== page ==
Study: Male Contraceptive Prevents Pregnancy in Monkeys

Researchers injected a non-hormonal hydrogel contraceptive into 16 male rhesus monkeys, finding that it prevented pregnancy for an entire breeding season.

Feb 8, 2017
Joshua A. Krisch

FLICKR, JINTERWASThe search for a male contraceptive has led to competitions for better birth control and multimillion dollar investments from Silicon Valley. Now a February 7 study in Basic and Clinical Andrology has shown that Vasalgel, a hydrogel that can be injected into the vas deferens to block sperm, appears to have prevented pregnancy in rhesus monkeys with fewer side effects than a vasectomy.

“Vasectomies are a routine procedure for nonhuman primate veterinarians, so to have similar or even slightly better outcomes trying a brand-new procedure is very encouraging,” coauthor Angela Colagross-Schouten, a veterinarian at the University of California, Davis’s California National Primate Research Center, said in a statement. “Hopefully, Vasalgel placement can be an option for other captive colonies, including zoos, that want to manage reproductive rates while allowing for social housing.”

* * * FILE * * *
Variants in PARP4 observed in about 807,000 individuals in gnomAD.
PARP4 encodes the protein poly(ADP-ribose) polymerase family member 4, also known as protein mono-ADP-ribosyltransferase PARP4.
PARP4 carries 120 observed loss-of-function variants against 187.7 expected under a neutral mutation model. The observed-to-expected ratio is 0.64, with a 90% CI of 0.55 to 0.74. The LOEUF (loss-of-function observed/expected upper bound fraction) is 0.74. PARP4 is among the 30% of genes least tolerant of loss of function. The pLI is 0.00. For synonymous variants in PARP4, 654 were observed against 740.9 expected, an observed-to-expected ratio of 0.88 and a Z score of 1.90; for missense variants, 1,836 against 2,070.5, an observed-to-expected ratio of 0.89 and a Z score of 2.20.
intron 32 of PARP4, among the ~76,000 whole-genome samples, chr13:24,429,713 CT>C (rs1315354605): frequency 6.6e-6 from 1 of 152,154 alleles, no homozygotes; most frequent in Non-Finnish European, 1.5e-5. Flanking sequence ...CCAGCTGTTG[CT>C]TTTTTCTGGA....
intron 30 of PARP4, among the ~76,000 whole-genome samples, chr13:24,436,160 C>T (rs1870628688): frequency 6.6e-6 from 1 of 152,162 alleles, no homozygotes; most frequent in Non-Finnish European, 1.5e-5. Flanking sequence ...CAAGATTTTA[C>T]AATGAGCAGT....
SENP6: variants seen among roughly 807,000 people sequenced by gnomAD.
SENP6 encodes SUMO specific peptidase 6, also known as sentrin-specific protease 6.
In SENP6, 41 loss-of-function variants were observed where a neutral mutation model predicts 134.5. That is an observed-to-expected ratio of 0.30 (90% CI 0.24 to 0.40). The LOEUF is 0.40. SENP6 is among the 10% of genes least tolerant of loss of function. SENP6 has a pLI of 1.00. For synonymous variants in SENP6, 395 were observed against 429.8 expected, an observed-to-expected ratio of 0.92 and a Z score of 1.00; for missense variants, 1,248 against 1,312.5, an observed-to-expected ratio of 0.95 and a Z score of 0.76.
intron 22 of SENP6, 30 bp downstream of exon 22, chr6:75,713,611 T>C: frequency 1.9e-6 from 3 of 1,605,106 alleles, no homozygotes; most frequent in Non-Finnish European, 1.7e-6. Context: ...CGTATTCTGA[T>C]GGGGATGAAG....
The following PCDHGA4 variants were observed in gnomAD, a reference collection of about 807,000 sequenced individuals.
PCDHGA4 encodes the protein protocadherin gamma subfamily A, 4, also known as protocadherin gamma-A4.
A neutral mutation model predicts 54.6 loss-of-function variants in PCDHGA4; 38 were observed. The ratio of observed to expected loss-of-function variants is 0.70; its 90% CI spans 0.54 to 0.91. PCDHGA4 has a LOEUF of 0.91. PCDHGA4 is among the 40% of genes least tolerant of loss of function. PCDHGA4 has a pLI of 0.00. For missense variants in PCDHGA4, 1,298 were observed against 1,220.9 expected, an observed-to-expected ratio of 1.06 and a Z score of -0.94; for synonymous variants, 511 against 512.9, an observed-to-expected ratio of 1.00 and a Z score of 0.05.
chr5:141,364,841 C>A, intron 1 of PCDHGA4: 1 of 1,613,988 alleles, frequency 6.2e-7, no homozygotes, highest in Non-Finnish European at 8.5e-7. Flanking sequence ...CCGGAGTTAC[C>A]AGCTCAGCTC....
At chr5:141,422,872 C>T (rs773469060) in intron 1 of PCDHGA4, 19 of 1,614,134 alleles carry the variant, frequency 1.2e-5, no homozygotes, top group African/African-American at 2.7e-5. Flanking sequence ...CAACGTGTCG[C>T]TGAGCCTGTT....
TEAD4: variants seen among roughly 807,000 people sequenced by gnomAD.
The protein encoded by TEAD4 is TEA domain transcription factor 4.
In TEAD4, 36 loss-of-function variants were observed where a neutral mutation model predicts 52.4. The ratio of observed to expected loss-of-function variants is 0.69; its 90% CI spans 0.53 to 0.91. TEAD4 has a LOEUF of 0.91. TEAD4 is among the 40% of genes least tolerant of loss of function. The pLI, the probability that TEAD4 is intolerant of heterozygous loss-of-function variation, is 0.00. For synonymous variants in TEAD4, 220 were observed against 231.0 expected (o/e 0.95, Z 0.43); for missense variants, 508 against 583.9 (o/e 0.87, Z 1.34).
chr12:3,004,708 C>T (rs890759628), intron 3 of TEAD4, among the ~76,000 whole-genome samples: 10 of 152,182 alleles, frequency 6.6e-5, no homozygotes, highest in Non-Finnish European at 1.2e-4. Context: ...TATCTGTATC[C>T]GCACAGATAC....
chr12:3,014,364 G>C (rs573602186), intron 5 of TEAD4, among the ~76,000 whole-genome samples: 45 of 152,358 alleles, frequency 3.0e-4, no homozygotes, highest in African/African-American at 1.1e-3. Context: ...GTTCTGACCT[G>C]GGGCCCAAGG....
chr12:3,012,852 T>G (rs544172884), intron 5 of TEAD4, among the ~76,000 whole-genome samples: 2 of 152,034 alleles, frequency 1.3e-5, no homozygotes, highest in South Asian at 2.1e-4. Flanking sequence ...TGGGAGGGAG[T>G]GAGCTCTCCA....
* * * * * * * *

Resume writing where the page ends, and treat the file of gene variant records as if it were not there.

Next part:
Vasalgel is a polymer that can be injected into the vas deferens to form a spongy, high molecular–weight hydrogel that allows important bodily fluids, including semen—but not sperm cells—to pass through. In a forthcoming study involving rabbits, Colagross-Schouten said she and her colleagues have demonstrated that the process can be reversed by flushing the hydrogel out of the vas deferens with a sodium bicarbonate solution, according to the press release.

To test the efficacy of Vasalgel in nonhuman primates, in the present study the researchers injected the polymer into 16 male rhesus monkeys, then returned the treated animals to outdoor group housing, where they cohabitated with females for an entire breeding season. While both the male and female monkeys involved in the study had mated successfully in the past, not a single monkey conceived during the study period.

Before Vasalgel is tested on humans, the researchers must determine whether reversible in other mammals.